2. Cost efficiency.

Since code refactoring is executed by small changes called micro-refactorings, the likelihood of errors and bugs in the future is reduced. Moreover, developers can easily implement new functionality to software because there is no need to spend extra time and effort resolving issues and bugs.

3. Improved system performance.

After refactoring, code becomes simple which means fewer server capacities and faster system responses when users interact with it. Benefits are obvious for both developers who add new features to the product and end-users whose customer experiences will become better.

4. Reduced technical debt.

Bad code results in a bad user experience, poor architecture, and much more complicated issues as well. Once you launch your product it doesn’t mean that your software is finalized. If the code is left as it is after the product launch, not well-structured and polished, it can take developers some extra time to understand and track it. Here’s when refactoring comes into play. It helps clean up the shortcuts you took in your code to meet the deadlines. So instead of constantly fixing bugs, it is reasonable to refactor the code before it will gradually decelerate your progress every day until you eventually have to pay off the debt by writing tests or rewriting the code altogether.

When do you need refactoring?

Before identifying the project stages when refactoring is required, let’s take a look at the common situations when it is worth doing:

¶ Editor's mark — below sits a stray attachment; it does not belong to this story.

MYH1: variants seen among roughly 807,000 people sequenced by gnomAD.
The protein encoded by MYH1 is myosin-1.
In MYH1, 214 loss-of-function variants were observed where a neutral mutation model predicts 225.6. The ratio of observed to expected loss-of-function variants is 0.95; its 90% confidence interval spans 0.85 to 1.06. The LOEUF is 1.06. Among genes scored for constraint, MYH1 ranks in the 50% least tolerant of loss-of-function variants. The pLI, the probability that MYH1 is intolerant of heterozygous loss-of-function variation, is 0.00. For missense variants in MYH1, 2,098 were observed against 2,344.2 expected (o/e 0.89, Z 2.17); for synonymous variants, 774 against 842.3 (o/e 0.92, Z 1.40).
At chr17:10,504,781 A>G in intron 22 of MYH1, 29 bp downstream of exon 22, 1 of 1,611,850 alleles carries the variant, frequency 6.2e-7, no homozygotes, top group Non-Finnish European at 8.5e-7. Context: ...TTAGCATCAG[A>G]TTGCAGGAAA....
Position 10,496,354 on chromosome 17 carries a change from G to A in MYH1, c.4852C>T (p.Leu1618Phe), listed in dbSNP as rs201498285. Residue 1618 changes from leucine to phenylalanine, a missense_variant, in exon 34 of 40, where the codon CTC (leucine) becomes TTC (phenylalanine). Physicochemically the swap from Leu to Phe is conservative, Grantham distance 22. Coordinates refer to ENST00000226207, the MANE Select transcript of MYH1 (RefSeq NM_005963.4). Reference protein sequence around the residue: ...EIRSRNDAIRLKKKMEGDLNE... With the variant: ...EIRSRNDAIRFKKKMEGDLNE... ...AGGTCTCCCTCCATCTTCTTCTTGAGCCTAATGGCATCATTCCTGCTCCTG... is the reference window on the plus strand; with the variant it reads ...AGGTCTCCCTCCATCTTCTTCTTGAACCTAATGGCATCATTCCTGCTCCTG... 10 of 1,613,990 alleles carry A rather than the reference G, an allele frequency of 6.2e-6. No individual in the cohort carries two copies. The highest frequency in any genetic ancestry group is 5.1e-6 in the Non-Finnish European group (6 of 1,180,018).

1. The code is hard to read and understand.

For example, if the software product has been developed for years, it is likely that the development team changed, that’s why refactoring will be a good idea to help new team members comprehend the code and help the development process go smoothly.

2. It is necessary to scale.

In order to reduce time when adding new functionality and fix issues that can occur on the way (due to dirty codes), refactor your code. Refactoring can mitigate minor bugs before they become serious problems.

3. If there are duplications of code portions.

If there are duplications of code portions that are frequently used in the software. Refactoring makes future shifts in the code much easier.

So if you are planning to refactor your code, here are the software development stages when conducting code refactoring is most suitable:

  • Development stage. Considering the tendency that due to business requirements, developers mostly have to expedite the delivery of the project that later needs to be refactored, it is always a good idea to clean up a code before the product rolls out. Yes, you can do this after the product launch; however, with bugs and code smell, causing performance decrease, the first impression of your users is likely to be spoiled. Therefore, do not neglect the importance of refactoring.
  • Applying new features. If you want to upgrade the product, refactoring is a must-do in order to clean up the code from issues before they start to disseminate. Consequently, you save time and money for yourself or for other development teams in the long run.